The last ecological disaster underscored by Foreign Policy is the Great Pacific Garbage Patch. The currents of the North Pacific Gyre collect a huge amount of plastic waste from East Asia and the west coast of the U.S. and funnel it into an area variously estimated to be the size of Texas to the size of the continental United States. Over time wave action and sunlight break up the plastic into ever smaller bits that float in the top 100 feet of the ocean. Marine creatures are harmed when they mistake the plastic bits for food. There is also the possibility that toxins released by the plastics can accumulate in the food chain eventually reaching consumers on land. The Garbage Patch is a classic example of the tragedy of the commons. If there is no clear ownership of rights to a natural resource, the users of the resource will overexploit it. In this case no one owns the ocean and therefore no one is responsible for protecting it. This same tragic dynamic of overuse and overharvesting operates in other open access commons such as rivers, airsheds, fisheries, and many tropical forests. Some researchers are working on methods to capture and recycle the plastic, perhaps turning it into diesel fuel or polyester clothing. More fancifully, some Seasteading aficionados think that recycling the oceanic plastic could be an economic opportunity.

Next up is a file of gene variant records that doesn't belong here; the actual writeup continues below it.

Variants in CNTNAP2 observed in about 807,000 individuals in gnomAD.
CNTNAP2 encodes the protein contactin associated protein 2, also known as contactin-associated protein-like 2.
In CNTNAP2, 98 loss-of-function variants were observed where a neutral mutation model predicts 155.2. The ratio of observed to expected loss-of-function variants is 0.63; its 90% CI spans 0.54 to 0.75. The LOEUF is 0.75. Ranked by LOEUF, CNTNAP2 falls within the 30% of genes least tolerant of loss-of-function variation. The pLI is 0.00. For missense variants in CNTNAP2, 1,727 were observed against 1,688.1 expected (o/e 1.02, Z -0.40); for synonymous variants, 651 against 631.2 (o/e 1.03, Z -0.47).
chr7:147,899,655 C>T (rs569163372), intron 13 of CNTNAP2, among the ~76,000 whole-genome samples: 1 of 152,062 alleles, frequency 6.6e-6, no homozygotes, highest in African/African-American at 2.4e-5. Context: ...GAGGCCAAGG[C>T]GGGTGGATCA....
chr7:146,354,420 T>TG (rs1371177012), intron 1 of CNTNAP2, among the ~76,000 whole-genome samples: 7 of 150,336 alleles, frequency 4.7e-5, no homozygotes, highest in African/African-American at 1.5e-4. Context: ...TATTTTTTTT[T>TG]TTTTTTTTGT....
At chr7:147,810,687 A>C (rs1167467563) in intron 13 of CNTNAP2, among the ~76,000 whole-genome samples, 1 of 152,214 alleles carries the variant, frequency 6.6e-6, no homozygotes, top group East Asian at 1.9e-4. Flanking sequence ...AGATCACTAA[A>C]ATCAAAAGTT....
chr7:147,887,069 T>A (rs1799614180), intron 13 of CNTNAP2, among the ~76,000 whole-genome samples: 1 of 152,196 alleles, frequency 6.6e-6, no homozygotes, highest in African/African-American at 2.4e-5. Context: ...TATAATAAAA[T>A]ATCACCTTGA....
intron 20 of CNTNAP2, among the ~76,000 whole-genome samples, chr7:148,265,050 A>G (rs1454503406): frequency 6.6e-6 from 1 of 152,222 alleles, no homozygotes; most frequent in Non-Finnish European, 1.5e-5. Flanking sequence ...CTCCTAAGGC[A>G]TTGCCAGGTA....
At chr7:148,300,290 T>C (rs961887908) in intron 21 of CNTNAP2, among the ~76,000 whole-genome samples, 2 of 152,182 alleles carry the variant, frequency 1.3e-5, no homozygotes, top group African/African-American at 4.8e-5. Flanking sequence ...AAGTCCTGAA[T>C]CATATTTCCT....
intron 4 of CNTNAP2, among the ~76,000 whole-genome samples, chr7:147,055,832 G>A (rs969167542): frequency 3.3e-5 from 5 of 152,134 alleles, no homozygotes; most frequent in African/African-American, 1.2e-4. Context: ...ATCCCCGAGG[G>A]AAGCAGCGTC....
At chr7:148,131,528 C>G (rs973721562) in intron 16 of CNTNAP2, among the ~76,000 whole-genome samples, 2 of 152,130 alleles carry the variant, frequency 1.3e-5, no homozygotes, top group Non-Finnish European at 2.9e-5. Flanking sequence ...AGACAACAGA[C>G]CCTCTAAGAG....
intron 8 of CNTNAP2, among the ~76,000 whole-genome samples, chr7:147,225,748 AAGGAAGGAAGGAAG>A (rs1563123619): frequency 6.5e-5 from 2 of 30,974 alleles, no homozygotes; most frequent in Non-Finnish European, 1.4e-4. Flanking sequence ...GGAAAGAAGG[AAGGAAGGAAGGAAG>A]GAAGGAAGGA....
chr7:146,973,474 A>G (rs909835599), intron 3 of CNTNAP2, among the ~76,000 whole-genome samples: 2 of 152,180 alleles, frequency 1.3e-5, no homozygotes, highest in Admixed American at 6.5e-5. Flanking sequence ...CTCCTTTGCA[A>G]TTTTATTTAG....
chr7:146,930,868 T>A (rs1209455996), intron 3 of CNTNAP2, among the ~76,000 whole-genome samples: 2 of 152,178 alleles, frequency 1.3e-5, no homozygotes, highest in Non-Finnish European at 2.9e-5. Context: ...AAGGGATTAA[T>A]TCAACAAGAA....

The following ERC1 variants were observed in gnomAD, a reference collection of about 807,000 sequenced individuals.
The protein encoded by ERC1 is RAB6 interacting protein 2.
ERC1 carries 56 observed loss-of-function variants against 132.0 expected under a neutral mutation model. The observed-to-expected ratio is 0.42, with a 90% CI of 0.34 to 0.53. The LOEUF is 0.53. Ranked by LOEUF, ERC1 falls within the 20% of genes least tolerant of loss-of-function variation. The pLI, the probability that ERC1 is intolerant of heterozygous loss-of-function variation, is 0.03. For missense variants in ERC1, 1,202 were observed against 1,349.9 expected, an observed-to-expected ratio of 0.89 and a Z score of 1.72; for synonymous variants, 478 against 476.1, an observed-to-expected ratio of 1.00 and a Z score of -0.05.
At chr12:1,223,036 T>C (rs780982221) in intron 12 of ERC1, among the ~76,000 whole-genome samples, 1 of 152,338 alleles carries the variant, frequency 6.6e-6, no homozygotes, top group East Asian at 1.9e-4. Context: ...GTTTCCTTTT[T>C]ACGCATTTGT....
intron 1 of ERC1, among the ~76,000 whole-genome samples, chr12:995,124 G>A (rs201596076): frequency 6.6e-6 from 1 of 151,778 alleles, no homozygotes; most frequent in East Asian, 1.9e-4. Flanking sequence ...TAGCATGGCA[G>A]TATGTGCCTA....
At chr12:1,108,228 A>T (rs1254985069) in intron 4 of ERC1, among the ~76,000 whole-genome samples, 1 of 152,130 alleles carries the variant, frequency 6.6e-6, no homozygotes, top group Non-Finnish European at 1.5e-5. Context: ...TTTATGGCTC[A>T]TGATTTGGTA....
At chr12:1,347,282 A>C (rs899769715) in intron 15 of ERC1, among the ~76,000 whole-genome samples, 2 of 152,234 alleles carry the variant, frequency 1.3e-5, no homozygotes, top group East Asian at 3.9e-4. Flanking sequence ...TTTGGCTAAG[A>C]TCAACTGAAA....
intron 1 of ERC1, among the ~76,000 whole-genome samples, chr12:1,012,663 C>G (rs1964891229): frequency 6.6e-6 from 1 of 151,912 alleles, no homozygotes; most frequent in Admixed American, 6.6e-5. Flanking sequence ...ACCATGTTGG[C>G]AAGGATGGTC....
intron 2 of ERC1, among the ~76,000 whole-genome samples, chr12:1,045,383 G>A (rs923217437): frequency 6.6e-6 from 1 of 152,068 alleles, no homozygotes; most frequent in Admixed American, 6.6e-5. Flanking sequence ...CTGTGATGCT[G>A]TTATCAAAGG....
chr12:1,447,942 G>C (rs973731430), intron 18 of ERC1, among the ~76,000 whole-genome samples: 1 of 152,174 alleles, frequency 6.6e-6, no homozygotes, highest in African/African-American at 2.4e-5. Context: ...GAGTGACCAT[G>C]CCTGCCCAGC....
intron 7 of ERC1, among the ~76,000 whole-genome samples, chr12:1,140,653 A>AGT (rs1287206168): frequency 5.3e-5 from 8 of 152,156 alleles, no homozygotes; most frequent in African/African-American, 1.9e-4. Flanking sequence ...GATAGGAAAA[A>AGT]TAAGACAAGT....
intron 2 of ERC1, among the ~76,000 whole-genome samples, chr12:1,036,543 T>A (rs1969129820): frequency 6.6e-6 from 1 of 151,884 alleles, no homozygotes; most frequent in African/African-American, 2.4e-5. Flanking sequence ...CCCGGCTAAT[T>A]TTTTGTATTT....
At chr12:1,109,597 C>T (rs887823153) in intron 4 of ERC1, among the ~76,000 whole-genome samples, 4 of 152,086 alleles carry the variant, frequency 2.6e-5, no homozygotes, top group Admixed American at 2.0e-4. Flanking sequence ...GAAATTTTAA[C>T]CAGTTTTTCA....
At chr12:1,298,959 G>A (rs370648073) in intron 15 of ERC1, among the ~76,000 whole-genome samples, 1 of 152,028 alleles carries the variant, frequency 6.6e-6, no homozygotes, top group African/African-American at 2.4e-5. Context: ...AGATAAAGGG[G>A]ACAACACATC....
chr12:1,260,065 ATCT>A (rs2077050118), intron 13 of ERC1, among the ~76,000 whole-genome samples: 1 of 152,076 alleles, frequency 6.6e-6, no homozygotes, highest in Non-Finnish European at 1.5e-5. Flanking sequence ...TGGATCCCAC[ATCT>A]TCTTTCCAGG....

Foreign Policy largely missed one of the central features of all of the ecological catastrophes it highlighted: defective or non-existence property rights. In the case of the BP and Nigerian oil spills, the resource is owned by the government which sets up the rules for how resources are managed. The Chinese coal seam fires and the draining of the Aral Sea took place under communist regimes where private property was outlawed. In the sad case of Haiti, lack of secure property rights means that few have any incentive to reforest land. And the absence of property rights in the ocean results in it being treated as a global dump. The lesson is that establishing clear property rights encourages resource exploiters to behave responsibly. And if they don’t, property rights enable rest of us to hold resource exploiters responsible for the damage they do.

Ronald Bailey is Reason's science correspondent. His book Liberation Biology: The Scientific and Moral Case for the Biotech Revolution is now available from Prometheus Books. This column first appeared at

Disclosure: I nearly forgot to mention that I spent my own money to buy two hundred shares of BP a couple of weeks ago. Back in the mid-1990s, BP took my wife and me on a tour of the Prudhoe Bay production facilities. The wind chill was -70 degrees.

Ronald Bailey is Science Correspondent